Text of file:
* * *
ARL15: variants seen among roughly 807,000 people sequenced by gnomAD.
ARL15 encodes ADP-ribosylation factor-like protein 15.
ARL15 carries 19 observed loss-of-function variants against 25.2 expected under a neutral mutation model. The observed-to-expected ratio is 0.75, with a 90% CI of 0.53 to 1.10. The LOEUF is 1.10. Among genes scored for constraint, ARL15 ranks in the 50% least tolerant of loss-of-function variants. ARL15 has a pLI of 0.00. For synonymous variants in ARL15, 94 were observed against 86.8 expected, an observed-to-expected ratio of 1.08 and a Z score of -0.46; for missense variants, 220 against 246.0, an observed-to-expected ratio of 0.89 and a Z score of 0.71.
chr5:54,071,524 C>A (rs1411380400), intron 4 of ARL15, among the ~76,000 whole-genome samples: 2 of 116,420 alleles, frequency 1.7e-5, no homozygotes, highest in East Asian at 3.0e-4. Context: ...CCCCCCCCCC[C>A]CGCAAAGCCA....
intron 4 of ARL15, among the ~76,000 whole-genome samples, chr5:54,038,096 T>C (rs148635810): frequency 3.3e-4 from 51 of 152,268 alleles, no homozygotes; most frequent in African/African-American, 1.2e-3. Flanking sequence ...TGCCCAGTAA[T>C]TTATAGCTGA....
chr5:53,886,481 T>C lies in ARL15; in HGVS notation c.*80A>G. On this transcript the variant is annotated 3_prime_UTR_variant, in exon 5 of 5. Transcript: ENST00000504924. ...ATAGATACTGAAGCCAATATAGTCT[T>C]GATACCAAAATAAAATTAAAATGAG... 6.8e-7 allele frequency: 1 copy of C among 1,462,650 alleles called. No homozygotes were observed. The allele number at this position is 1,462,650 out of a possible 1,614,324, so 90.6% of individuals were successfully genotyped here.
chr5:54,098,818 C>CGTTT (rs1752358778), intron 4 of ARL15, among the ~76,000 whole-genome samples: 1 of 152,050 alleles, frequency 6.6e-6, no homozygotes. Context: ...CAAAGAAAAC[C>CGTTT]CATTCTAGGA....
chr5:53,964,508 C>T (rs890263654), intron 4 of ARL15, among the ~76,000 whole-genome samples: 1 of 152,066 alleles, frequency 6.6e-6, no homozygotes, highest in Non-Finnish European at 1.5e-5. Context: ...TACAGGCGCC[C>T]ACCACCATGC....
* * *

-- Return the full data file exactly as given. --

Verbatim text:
ARL15: variants seen among roughly 807,000 people sequenced by gnomAD.
ARL15 encodes ADP-ribosylation factor-like protein 15.
ARL15 carries 19 observed loss-of-function variants against 25.2 expected under a neutral mutation model. The observed-to-expected ratio is 0.75, with a 90% CI of 0.53 to 1.10. The LOEUF is 1.10. Among genes scored for constraint, ARL15 ranks in the 50% least tolerant of loss-of-function variants. ARL15 has a pLI of 0.00. For synonymous variants in ARL15, 94 were observed against 86.8 expected, an observed-to-expected ratio of 1.08 and a Z score of -0.46; for missense variants, 220 against 246.0, an observed-to-expected ratio of 0.89 and a Z score of 0.71.
chr5:54,071,524 C>A (rs1411380400), intron 4 of ARL15, among the ~76,000 whole-genome samples: 2 of 116,420 alleles, frequency 1.7e-5, no homozygotes, highest in East Asian at 3.0e-4. Context: ...CCCCCCCCCC[C>A]CGCAAAGCCA....
intron 4 of ARL15, among the ~76,000 whole-genome samples, chr5:54,038,096 T>C (rs148635810): frequency 3.3e-4 from 51 of 152,268 alleles, no homozygotes; most frequent in African/African-American, 1.2e-3. Flanking sequence ...TGCCCAGTAA[T>C]TTATAGCTGA....
chr5:53,886,481 T>C lies in ARL15; in HGVS notation c.*80A>G. On this transcript the variant is annotated 3_prime_UTR_variant, in exon 5 of 5. Transcript: ENST00000504924. ...ATAGATACTGAAGCCAATATAGTCT[T>C]GATACCAAAATAAAATTAAAATGAG... 6.8e-7 allele frequency: 1 copy of C among 1,462,650 alleles called. No homozygotes were observed. The allele number at this position is 1,462,650 out of a possible 1,614,324, so 90.6% of individuals were successfully genotyped here.
chr5:54,098,818 C>CGTTT (rs1752358778), intron 4 of ARL15, among the ~76,000 whole-genome samples: 1 of 152,050 alleles, frequency 6.6e-6, no homozygotes. Context: ...CAAAGAAAAC[C>CGTTT]CATTCTAGGA....
chr5:53,964,508 C>T (rs890263654), intron 4 of ARL15, among the ~76,000 whole-genome samples: 1 of 152,066 alleles, frequency 6.6e-6, no homozygotes, highest in Non-Finnish European at 1.5e-5. Context: ...TACAGGCGCC[C>T]ACCACCATGC....